Then, I let the battery rest a half hour sitting upright, and continue charging at a 2 amp rate, for the remaing time.
At that point, I remove the charger, and.let it sit,.to.allow.surface charge to stabilize, and allow absorption of the gasses produced back into the so,ution..
After an hour,.or even overnight, I use a 12v tail light bulb,.wired up, and get the flow of ions going again,.by running that bulb for about 60 seconds..
When that has been done, you can get a good read on a voltmeter, and if you wish, install the battery.and run it, or install a "tender" for a maintainer thing..
When I do a maintainer, I periodically remove it, and let the battery sit overnight, and reattach the maintainer... and find it will go back into charge mode for a short period of time again, instaed of just giving the green light.

I find that "data" various battery manufacturers give out today, is just a catch all, and due to their propeitary compositions of additives now used as enhancers of their electrolytes, they all vary radically on the outcome.. at least Oddysey does come forward and give some instruction, but missing the boat on suggested charge rate negates the benefit... I like those batteries tho,.so don't get me wrong, I still find them the best product on the market as a replacement...I've never killed one to date, and they are priced fine by my thoughts... Lithium batts... well, I ain't going to open that worm can, living in the zone I live in with winter temps below zero... and also holding multiple patents on lithium ion batteries.. I'll just say, in 5-7 more years, lithium batteries prices will drop, and the product will be stable and an affordable thing... $300 for a battery, knowing how they are made, is rediculous...   great for a phone, annd the prices reflect why... those products have reduced in price 10x since 1990.  I can buy a 1400mah battery now for $25, in 1995 if you could find one, it was over $300...  for a phone battery?

30 YEARS OF KAW.....Rich R. (the other one..)  COG 5977  JUSTAMEMBAHNOW

Offline Charby

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Re: Battery Dead - How to Push Start with KiPass
« Reply #13 on: August 31, 2017, 03:59:44 am »
Due to my forgetting to turn the switch off after stopping the engine, my battery is completely dead.  I'm new to the bike and KiPass -- what do I need to do to KiPass to be able to push start the bike?

I don't know about C14 battery but it worked well for me on the odyssey PC680 (used in my BMW bike)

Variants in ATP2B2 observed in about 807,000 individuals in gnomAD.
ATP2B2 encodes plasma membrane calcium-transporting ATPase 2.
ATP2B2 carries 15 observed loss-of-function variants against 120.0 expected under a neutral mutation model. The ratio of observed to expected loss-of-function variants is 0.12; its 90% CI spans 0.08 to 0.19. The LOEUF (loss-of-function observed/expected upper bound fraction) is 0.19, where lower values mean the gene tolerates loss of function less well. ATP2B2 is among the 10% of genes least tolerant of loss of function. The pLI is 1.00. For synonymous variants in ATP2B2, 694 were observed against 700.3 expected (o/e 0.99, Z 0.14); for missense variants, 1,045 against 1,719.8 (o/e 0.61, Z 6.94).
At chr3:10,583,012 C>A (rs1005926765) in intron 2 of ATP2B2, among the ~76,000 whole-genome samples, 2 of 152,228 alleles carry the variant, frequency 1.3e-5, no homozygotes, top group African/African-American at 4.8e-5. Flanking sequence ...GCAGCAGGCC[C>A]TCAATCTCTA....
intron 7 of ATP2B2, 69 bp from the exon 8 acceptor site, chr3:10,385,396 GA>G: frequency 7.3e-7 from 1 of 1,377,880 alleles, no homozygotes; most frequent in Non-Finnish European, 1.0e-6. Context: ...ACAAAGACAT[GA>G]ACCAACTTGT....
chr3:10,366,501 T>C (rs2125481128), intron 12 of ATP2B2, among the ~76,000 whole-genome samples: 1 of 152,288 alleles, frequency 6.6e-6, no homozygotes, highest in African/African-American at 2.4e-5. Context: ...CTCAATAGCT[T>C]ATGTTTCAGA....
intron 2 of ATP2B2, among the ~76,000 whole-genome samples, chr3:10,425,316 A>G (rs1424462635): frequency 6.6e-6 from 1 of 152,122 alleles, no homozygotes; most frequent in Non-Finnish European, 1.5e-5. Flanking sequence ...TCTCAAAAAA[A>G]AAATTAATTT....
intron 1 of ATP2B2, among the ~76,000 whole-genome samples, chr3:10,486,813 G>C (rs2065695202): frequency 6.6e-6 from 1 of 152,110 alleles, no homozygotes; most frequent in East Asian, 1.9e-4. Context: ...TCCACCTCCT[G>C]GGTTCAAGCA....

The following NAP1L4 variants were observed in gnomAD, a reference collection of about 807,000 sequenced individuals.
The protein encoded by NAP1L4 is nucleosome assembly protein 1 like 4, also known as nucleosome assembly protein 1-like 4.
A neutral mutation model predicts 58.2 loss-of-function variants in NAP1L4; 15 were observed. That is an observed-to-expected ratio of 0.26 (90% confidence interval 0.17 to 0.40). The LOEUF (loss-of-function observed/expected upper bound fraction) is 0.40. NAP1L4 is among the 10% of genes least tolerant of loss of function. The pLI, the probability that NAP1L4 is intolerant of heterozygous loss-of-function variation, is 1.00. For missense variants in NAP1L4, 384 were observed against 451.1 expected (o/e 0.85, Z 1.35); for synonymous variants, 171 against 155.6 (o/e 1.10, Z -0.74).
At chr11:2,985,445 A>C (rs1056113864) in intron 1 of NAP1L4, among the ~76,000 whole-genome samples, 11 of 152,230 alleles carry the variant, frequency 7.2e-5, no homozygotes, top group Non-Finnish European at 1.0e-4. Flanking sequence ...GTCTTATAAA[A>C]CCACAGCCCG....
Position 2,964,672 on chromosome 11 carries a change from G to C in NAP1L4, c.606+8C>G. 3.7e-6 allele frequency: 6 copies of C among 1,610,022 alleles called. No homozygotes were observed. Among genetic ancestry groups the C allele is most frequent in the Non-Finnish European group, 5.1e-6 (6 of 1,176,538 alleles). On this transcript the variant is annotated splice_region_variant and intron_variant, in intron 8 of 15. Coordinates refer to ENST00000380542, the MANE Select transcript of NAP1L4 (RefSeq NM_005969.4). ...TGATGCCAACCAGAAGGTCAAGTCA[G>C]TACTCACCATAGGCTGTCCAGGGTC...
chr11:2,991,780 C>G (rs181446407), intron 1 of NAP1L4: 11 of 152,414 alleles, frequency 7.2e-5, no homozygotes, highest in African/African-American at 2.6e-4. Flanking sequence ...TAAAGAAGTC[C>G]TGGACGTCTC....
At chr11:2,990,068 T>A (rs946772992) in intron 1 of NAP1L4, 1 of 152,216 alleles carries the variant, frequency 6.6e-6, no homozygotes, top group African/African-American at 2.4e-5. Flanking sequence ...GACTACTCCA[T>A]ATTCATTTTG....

Procedure to recover deeply discharged ODYSSEY® batteries
For safety reasons many 6V/12V automotive/commercial type chargers will
not turn on when an attempt is made to charge any style 12V battery that
has a very low open circuit voltage (OCV). For example, a charger set for
12V charging connected to a 12V battery that has an OCV less than 4-5V,
the charger senses it is connected to a 6V battery (which it is not) and
therefore will not initiate a charge because it is set for 12V charging.
Your ODYSSEY battery has very high recharge efficiency and is robust
enough to accept a charge even when its OCV is less than 5.0V. As long
as the charger’s output voltage does not rise above 15.0V the following
procedure should allow you to bypass the charger’s safety circuit and
safely attempt to recover (charge) the ODYSSEY Battery. One note;
ODYSSEY batteries that have been operated over a prolonged period of
time and have not routinely been charged back to near or full charge will
have developed sulfated oxide and can be more difficult to recover. In
some cases, if the sulfation condition is well developed especially over
time, it may not be possible to achieve full capacity. This condition is not a
warrantable claim as it is not the result of a factory manufacturing defect
but abuse or neglect in the application.
With the charger connected and even though the battery has a low OCV
and the charger does start up, then a full recharge should be attempted.
Monitor the battery temperature and if it should get hot to the touch
(125+°F, 51°C), then stop charging and allow the battery to cool. Once at
room temperature, reengage charging and allow to fully charge. Test for
capacity and if still low, discharge to 10.0V and recharge again and retest.
If the charger will not engage, the following procedure can be used –
1. Using jumper cables connect the positive terminal of a healthy battery
to the positive terminal of the dead ODYSSEY battery; then connect
the negative terminal of the healthy battery to the negative terminal of
the ODYSSEY battery. If you are using the battery in a car, do not
run the engine during this operation.
2. Monitor the voltage of the ODYSSEY battery with a good quality
voltmeter until it reads 11.5-11.8V.
3. Disconnect the jumper cables on the ODYSSEY battery, then quickly
connect the positive cable of the charger to the positive terminal of
the ODYSSEY battery; then connect the negative cable to the
negative terminal of the ODYSSEY battery.
4. The charger needs to be of a minimum charge current capability per
the chart below.
5. Plug the charger into standard wall AC power and start monitoring the
battery voltage.
6. Make sure the charge voltage at the battery terminals does not
exceed 15.0V and continue charging for approximately 8 hours.
7. Disconnect the charger and allow the battery to sit open circuit with
no connections for 12 hours or install the battery and turn the
headlights on for 2 minutes to remove the charging surface charge
voltage. Turn the headlights off, allow the battery to rest for a few